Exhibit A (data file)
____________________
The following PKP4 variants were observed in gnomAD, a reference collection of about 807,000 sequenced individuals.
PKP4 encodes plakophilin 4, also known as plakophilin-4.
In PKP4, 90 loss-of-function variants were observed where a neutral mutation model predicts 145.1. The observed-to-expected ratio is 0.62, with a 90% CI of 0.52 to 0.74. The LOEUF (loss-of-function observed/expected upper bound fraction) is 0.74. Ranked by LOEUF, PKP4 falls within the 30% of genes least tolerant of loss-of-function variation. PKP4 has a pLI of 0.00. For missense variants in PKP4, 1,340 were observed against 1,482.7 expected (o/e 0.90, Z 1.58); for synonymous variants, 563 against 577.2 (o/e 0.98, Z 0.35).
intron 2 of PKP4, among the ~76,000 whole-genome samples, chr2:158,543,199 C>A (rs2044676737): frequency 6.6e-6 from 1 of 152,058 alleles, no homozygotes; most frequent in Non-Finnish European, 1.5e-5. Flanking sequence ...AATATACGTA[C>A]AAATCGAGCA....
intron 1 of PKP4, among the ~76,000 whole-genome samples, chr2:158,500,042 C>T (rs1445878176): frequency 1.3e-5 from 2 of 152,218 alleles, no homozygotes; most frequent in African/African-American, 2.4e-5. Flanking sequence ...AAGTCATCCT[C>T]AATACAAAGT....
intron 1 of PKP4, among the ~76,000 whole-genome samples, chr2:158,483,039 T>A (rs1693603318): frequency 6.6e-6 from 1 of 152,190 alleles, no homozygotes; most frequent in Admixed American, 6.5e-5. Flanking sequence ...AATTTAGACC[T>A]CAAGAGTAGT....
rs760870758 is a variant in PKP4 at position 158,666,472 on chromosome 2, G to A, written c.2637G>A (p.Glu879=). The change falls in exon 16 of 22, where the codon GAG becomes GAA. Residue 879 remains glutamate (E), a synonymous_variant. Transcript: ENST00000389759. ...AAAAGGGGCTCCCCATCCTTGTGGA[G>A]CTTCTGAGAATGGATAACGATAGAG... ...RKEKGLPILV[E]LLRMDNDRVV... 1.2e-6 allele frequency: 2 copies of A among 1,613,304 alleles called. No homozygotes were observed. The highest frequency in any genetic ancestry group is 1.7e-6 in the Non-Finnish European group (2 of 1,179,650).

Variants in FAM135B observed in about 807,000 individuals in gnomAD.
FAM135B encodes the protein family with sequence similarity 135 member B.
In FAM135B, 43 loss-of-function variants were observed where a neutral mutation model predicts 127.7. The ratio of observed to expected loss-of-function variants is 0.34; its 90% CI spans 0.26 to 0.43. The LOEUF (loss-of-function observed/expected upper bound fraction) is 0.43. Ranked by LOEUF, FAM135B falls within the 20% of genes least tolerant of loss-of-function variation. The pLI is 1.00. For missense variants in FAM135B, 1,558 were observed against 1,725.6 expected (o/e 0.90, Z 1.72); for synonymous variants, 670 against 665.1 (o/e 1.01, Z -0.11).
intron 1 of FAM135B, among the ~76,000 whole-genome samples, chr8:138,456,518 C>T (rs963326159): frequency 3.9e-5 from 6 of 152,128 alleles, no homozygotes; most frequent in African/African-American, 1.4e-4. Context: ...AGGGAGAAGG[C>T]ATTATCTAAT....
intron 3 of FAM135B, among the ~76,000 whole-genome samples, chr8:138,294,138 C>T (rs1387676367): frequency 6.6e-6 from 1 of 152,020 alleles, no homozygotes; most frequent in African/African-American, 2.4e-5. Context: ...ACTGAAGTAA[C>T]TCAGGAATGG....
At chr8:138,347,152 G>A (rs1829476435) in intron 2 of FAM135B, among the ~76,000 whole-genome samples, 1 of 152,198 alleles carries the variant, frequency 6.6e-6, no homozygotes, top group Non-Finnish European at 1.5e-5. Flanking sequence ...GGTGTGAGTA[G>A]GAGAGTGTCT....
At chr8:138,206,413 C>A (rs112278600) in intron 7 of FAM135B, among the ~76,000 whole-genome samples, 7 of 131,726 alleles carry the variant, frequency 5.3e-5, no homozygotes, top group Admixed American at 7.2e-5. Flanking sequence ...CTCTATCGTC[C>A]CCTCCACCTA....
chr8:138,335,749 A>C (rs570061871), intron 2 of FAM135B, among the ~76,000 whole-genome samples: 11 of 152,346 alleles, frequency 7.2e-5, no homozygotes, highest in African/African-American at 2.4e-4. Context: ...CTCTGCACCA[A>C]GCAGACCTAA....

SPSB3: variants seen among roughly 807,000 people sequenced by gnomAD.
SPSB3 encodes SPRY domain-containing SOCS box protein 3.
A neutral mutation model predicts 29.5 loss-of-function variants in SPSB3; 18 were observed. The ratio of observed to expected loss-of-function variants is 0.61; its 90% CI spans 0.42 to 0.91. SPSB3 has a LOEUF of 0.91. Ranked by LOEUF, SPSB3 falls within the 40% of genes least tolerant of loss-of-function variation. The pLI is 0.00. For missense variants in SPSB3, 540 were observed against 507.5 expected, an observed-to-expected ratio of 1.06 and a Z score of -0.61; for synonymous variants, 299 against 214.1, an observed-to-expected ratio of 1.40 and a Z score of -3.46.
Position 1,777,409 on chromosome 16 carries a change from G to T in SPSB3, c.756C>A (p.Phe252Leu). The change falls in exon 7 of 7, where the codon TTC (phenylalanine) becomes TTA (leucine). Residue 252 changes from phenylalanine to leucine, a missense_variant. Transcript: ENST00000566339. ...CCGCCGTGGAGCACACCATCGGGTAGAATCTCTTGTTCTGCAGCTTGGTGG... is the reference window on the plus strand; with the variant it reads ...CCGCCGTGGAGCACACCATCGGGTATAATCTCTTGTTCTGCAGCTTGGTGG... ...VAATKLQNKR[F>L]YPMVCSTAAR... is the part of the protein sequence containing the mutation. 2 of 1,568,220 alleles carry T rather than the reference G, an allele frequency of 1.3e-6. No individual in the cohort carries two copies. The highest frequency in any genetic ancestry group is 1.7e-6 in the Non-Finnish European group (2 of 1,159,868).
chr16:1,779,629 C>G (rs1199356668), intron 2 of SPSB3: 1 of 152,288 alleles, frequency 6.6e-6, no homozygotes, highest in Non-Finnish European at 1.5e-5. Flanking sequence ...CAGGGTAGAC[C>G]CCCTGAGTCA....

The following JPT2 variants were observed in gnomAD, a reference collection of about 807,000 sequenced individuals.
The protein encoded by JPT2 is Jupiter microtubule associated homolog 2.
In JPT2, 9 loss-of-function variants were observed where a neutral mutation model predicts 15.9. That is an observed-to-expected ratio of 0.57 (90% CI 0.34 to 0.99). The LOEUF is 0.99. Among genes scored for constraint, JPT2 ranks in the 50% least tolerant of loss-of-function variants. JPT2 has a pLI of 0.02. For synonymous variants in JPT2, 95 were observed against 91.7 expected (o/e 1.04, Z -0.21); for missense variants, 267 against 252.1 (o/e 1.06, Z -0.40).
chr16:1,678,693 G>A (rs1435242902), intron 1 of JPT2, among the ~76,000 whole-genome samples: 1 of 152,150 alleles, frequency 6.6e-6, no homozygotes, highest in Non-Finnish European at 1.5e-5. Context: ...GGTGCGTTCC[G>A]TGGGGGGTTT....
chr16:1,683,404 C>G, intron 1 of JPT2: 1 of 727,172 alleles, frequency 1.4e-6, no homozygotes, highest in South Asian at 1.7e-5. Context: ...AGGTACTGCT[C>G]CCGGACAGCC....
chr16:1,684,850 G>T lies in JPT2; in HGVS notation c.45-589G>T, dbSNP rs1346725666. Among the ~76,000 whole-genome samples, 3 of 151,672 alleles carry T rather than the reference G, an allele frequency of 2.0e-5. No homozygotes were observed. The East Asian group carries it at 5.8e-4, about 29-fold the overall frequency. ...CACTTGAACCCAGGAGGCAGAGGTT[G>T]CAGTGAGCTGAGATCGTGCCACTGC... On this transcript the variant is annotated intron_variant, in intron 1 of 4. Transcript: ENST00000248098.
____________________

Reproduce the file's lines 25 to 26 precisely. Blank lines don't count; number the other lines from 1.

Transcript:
chr16:1,683,404 C>G, intron 1 of JPT2: 1 of 727,172 alleles, frequency 1.4e-6, no homozygotes, highest in South Asian at 1.7e-5. Context: ...AGGTACTGCT[C>G]CCGGACAGCC....
chr16:1,684,850 G>T lies in JPT2; in HGVS notation c.45-589G>T, dbSNP rs1346725666. Among the ~76,000 whole-genome samples, 3 of 151,672 alleles carry T rather than the reference G, an allele frequency of 2.0e-5. No homozygotes were observed. The East Asian group carries it at 5.8e-4, about 29-fold the overall frequency. ...CACTTGAACCCAGGAGGCAGAGGTT[G>T]CAGTGAGCTGAGATCGTGCCACTGC... On this transcript the variant is annotated intron_variant, in intron 1 of 4. Transcript: ENST00000248098.